be like

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See also: belike



be like (as be + like)

  1. To be similar to something.
    They must be like the last group who stayed.
    • 1922, Ben Travers, chapter 1, in A Cuckoo in the Nest[1]:
      She was like a Beardsley Salome, he had said. And indeed she had the narrow eyes and the high cheekbone of that creature, and as nearly the sinuosity as is compatible with human symmetry. His wooing had been brief but incisive.
  2. (informal, chiefly US and MLE) To say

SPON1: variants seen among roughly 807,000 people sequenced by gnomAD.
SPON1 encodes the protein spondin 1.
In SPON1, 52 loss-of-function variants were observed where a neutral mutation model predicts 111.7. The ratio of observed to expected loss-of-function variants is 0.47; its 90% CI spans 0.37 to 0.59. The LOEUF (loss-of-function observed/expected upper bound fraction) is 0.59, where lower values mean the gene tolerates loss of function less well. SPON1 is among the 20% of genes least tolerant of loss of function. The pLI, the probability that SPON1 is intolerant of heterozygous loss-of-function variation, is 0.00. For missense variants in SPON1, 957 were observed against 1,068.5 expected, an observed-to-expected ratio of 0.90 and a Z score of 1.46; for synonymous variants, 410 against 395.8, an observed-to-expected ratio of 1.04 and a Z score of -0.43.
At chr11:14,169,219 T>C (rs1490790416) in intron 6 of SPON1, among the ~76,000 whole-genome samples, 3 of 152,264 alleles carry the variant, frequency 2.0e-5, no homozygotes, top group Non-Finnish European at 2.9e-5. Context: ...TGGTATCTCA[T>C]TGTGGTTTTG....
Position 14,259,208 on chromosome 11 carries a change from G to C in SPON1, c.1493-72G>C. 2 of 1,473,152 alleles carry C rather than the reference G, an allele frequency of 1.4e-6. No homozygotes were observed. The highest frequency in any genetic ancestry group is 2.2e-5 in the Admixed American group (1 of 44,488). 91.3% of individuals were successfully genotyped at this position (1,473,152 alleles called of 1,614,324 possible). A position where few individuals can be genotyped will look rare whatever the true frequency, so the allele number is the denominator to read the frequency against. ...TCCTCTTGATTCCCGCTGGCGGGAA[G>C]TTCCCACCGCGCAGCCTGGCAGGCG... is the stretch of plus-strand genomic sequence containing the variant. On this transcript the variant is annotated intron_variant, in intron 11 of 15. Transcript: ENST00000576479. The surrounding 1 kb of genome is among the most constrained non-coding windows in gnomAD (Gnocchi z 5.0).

If he's like "I don't want to", then be like "Pretty please! - it means a lot to me".
    • 2012, Mike Lacher, On the Bro'd: A Parody of Jack Kerouac’s On the Road, page 71:
      A lotta times I grabbed bags of frozen chicken nuggets to take home. “You know what they say,” Ricky would be like. “Dude's gotta have nugs.”

Usage notes[edit]

  • The use of "like" to mean "say" is considered by many to be overly informal, and normally only occurs in spoken English.
  • The words after the "be like" may not actually be what was said, but instead a summary of what was said. Similarly, unlike "say", "be like" may be impersonal, e.g. 'She was really insistent. It was like "I really need that right now!"'
  • The words after the "be like" may not actually be spoken, but instead be intended to represent a mood in which that thing might be said.


(to say): be all, be all like


See also[edit]